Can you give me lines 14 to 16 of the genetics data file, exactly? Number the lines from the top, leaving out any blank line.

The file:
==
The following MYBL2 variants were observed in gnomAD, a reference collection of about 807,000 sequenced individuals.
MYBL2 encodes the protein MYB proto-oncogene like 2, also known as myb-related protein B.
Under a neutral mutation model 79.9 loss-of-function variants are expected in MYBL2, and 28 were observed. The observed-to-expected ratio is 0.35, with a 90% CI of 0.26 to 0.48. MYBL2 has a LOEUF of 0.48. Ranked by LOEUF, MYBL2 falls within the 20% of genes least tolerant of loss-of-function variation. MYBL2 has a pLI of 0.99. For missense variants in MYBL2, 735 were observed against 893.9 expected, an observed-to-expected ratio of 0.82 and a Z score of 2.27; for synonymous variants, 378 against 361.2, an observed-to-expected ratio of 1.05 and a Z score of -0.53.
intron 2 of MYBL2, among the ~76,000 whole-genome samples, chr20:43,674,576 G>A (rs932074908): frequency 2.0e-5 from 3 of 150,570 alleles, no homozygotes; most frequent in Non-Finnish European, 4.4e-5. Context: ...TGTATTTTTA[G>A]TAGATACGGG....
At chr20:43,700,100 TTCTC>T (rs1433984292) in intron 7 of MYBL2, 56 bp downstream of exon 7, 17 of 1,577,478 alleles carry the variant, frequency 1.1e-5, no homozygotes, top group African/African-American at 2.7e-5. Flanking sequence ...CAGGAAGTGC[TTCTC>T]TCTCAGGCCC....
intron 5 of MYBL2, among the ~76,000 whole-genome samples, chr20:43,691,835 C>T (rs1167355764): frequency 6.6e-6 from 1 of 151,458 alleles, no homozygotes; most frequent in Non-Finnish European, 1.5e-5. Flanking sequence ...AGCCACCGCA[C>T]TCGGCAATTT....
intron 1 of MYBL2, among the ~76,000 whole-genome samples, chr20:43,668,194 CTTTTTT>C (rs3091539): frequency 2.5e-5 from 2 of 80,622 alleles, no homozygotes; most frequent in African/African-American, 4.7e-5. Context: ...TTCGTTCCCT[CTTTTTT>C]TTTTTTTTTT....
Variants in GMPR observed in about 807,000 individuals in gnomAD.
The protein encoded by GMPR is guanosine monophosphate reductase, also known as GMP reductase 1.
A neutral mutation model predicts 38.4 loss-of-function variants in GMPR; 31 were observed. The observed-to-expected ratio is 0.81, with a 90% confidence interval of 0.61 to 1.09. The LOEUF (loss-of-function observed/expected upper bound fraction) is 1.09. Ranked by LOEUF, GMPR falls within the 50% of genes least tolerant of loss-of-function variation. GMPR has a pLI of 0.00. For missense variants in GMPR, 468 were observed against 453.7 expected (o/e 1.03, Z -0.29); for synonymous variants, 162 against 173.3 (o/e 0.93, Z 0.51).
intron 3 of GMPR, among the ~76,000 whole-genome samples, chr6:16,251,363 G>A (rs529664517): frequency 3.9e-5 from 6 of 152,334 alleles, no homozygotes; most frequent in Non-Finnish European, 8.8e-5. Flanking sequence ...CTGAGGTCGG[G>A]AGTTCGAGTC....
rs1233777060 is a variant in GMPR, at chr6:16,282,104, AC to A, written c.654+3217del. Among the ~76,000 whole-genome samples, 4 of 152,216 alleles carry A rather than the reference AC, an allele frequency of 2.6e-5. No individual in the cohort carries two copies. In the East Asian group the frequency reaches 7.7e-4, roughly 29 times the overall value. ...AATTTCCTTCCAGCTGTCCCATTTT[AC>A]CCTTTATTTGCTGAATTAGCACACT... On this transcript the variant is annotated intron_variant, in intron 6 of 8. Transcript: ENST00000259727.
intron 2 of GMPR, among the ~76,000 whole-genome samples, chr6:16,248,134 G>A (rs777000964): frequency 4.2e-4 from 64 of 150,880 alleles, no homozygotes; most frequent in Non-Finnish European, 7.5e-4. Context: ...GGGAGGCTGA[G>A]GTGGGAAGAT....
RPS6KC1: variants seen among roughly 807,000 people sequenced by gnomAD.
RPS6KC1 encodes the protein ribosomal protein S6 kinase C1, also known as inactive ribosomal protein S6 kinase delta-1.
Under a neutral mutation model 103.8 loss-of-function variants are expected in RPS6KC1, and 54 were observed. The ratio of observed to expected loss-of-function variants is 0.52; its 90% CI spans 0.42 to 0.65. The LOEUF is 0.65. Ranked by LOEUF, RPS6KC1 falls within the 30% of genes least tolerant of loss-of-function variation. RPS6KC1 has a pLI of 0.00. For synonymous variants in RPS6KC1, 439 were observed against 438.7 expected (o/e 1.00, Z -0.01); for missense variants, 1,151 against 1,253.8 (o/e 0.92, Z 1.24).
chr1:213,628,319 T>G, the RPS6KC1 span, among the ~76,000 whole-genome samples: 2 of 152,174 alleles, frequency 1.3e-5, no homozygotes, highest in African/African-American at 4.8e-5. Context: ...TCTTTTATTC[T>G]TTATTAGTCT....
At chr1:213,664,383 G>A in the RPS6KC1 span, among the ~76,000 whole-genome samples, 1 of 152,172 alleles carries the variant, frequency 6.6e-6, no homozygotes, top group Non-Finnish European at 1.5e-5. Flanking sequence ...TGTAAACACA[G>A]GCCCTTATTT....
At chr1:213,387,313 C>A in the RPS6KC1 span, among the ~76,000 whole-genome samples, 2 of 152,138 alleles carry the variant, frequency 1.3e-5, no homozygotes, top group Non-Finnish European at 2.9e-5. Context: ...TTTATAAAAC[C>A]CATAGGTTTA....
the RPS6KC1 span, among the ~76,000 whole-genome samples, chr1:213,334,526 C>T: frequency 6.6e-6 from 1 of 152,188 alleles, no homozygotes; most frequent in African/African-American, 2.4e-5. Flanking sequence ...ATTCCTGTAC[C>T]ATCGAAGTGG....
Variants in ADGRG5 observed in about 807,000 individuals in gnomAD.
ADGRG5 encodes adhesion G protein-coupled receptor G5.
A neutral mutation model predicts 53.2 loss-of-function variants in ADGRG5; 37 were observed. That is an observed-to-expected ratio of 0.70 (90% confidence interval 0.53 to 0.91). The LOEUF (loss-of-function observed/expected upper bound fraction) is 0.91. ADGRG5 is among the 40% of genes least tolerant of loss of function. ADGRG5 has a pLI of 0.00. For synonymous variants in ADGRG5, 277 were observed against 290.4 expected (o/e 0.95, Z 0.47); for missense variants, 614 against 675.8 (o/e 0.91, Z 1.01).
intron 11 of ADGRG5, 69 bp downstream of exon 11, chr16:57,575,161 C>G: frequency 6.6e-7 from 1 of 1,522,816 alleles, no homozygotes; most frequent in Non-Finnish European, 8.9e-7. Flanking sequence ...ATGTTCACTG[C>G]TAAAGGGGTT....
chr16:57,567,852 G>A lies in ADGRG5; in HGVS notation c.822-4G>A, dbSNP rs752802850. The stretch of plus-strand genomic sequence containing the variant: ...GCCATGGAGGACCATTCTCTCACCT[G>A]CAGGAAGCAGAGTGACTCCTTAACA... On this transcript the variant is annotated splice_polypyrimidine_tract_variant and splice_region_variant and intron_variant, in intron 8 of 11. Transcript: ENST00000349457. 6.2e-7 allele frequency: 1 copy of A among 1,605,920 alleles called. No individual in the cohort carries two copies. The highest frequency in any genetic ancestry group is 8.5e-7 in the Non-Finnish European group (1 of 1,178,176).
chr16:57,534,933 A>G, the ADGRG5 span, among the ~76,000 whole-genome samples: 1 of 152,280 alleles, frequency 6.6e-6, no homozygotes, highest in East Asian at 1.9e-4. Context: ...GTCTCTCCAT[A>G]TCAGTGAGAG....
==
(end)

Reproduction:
RPS6KC1: variants seen among roughly 807,000 people sequenced by gnomAD.
RPS6KC1 encodes the protein ribosomal protein S6 kinase C1, also known as inactive ribosomal protein S6 kinase delta-1.
Under a neutral mutation model 103.8 loss-of-function variants are expected in RPS6KC1, and 54 were observed. The ratio of observed to expected loss-of-function variants is 0.52; its 90% CI spans 0.42 to 0.65. The LOEUF is 0.65. Ranked by LOEUF, RPS6KC1 falls within the 30% of genes least tolerant of loss-of-function variation. RPS6KC1 has a pLI of 0.00. For synonymous variants in RPS6KC1, 439 were observed against 438.7 expected (o/e 1.00, Z -0.01); for missense variants, 1,151 against 1,253.8 (o/e 0.92, Z 1.24).